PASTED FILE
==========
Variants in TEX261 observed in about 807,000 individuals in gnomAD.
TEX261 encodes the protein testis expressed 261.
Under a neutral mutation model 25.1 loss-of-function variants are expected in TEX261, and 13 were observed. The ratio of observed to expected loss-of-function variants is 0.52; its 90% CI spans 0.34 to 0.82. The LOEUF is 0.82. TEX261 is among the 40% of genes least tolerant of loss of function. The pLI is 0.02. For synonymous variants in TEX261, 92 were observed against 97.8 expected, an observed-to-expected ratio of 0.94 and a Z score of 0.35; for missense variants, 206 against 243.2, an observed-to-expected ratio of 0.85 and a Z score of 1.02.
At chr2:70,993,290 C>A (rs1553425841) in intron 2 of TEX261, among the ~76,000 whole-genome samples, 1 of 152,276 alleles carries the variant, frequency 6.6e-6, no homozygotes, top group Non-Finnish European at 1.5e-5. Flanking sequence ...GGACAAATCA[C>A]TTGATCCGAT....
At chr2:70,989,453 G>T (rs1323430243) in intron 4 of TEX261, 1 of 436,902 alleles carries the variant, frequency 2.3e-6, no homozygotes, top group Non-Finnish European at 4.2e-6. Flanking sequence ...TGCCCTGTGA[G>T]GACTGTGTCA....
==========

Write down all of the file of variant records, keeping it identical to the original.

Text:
Variants in TEX261 observed in about 807,000 individuals in gnomAD.
TEX261 encodes the protein testis expressed 261.
Under a neutral mutation model 25.1 loss-of-function variants are expected in TEX261, and 13 were observed. The ratio of observed to expected loss-of-function variants is 0.52; its 90% CI spans 0.34 to 0.82. The LOEUF is 0.82. TEX261 is among the 40% of genes least tolerant of loss of function. The pLI is 0.02. For synonymous variants in TEX261, 92 were observed against 97.8 expected, an observed-to-expected ratio of 0.94 and a Z score of 0.35; for missense variants, 206 against 243.2, an observed-to-expected ratio of 0.85 and a Z score of 1.02.
At chr2:70,993,290 C>A (rs1553425841) in intron 2 of TEX261, among the ~76,000 whole-genome samples, 1 of 152,276 alleles carries the variant, frequency 6.6e-6, no homozygotes, top group Non-Finnish European at 1.5e-5. Flanking sequence ...GGACAAATCA[C>A]TTGATCCGAT....
At chr2:70,989,453 G>T (rs1323430243) in intron 4 of TEX261, 1 of 436,902 alleles carries the variant, frequency 2.3e-6, no homozygotes, top group Non-Finnish European at 4.2e-6. Flanking sequence ...TGCCCTGTGA[G>T]GACTGTGTCA....